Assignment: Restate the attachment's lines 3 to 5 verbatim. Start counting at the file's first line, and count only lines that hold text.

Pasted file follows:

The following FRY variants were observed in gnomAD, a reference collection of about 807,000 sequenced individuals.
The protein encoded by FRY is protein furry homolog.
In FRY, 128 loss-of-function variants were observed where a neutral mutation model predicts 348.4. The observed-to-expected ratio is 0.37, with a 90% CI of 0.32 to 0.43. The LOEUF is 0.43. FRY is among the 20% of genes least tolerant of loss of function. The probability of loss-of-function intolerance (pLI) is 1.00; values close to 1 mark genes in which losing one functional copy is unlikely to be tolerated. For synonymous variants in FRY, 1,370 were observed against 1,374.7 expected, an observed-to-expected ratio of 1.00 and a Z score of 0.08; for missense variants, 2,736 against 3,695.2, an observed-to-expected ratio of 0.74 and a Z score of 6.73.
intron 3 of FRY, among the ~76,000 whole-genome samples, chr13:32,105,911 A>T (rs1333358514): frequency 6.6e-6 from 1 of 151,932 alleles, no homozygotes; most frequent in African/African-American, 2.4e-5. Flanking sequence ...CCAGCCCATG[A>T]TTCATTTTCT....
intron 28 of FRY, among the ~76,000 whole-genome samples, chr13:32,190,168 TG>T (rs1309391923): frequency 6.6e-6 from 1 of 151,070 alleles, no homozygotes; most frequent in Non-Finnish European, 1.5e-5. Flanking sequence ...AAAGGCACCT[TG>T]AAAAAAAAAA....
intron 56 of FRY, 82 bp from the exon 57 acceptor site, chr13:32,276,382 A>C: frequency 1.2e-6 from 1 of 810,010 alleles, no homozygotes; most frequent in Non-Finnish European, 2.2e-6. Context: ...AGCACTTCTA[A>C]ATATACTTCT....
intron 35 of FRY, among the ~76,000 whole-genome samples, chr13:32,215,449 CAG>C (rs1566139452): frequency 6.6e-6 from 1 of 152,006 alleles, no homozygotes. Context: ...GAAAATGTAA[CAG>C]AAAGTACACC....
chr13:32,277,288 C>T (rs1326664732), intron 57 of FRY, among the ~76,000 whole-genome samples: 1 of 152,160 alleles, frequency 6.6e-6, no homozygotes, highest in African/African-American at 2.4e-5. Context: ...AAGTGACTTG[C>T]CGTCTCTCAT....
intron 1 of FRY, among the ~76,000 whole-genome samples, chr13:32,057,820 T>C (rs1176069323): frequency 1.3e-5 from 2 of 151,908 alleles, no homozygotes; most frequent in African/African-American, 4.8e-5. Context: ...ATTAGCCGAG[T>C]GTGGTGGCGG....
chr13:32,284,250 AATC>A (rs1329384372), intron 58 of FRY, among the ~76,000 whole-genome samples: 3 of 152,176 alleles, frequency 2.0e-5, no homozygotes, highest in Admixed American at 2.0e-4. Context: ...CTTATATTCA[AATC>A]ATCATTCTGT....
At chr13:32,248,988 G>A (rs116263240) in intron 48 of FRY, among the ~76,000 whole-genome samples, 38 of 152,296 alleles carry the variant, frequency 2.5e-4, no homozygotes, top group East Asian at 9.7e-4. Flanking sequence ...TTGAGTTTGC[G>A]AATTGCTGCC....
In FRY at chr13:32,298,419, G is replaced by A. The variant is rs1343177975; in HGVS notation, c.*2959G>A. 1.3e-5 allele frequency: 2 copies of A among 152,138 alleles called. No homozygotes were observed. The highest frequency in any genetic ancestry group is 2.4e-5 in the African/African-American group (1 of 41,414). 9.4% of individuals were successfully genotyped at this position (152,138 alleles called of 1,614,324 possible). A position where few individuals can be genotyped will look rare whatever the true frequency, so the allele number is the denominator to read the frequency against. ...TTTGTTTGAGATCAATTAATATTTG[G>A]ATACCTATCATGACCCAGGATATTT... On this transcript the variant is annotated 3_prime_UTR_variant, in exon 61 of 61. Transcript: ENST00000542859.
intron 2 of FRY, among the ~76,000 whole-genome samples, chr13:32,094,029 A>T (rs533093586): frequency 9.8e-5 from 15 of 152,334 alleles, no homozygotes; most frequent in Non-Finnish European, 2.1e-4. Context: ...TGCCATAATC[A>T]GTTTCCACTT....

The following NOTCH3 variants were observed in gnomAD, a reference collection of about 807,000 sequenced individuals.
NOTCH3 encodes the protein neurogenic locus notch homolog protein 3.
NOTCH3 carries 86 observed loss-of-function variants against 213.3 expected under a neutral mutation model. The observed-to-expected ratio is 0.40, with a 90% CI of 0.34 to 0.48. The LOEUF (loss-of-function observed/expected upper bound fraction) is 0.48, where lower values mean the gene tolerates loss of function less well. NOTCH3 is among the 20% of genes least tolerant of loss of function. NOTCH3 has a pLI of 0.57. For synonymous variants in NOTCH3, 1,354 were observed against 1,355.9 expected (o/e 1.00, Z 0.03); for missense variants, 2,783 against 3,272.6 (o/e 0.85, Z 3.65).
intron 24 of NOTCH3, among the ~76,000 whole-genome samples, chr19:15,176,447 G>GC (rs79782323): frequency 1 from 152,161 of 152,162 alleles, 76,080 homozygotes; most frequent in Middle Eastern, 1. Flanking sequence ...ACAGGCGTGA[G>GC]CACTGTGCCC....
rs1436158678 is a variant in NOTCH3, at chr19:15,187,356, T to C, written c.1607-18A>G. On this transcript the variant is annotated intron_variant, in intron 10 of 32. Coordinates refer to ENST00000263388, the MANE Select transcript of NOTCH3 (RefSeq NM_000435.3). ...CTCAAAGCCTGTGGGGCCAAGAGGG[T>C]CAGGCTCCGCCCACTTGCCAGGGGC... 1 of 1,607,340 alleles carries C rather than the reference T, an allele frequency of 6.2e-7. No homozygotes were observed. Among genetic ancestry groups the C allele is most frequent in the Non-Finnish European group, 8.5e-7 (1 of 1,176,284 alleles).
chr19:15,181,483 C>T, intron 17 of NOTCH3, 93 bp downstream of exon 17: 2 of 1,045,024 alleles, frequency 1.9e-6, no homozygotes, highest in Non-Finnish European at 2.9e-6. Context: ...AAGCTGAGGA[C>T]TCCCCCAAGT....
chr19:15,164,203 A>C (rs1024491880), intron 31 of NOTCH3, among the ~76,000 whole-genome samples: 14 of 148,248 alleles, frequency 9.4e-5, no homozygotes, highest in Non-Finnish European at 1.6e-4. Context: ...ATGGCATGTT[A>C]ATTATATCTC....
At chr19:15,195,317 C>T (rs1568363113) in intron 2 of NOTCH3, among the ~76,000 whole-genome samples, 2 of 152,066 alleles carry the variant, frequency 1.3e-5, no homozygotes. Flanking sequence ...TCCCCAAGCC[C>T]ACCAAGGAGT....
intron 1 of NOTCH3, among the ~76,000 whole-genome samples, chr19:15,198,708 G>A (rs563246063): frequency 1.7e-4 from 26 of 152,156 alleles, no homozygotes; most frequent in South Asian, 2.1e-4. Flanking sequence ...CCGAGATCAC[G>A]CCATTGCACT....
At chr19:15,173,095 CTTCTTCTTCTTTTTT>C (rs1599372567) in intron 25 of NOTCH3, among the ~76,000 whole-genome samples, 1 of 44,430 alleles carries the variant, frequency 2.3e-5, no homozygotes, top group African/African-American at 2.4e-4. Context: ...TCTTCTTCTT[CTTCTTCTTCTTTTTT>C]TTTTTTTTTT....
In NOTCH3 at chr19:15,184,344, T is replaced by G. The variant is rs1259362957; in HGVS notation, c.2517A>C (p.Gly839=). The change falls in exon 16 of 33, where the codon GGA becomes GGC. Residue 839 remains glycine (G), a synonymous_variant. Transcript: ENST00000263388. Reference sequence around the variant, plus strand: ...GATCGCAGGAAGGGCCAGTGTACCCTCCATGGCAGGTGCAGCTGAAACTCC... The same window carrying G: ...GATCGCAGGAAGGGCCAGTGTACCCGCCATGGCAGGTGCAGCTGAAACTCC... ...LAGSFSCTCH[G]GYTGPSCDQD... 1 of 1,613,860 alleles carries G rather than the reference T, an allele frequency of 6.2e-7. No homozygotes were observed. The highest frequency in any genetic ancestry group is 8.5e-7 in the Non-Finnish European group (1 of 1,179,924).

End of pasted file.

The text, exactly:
In FRY, 128 loss-of-function variants were observed where a neutral mutation model predicts 348.4. The observed-to-expected ratio is 0.37, with a 90% CI of 0.32 to 0.43. The LOEUF is 0.43. FRY is among the 20% of genes least tolerant of loss of function. The probability of loss-of-function intolerance (pLI) is 1.00; values close to 1 mark genes in which losing one functional copy is unlikely to be tolerated. For synonymous variants in FRY, 1,370 were observed against 1,374.7 expected, an observed-to-expected ratio of 1.00 and a Z score of 0.08; for missense variants, 2,736 against 3,695.2, an observed-to-expected ratio of 0.74 and a Z score of 6.73.
intron 3 of FRY, among the ~76,000 whole-genome samples, chr13:32,105,911 A>T (rs1333358514): frequency 6.6e-6 from 1 of 151,932 alleles, no homozygotes; most frequent in African/African-American, 2.4e-5. Flanking sequence ...CCAGCCCATG[A>T]TTCATTTTCT....
intron 28 of FRY, among the ~76,000 whole-genome samples, chr13:32,190,168 TG>T (rs1309391923): frequency 6.6e-6 from 1 of 151,070 alleles, no homozygotes; most frequent in Non-Finnish European, 1.5e-5. Flanking sequence ...AAAGGCACCT[TG>T]AAAAAAAAAA....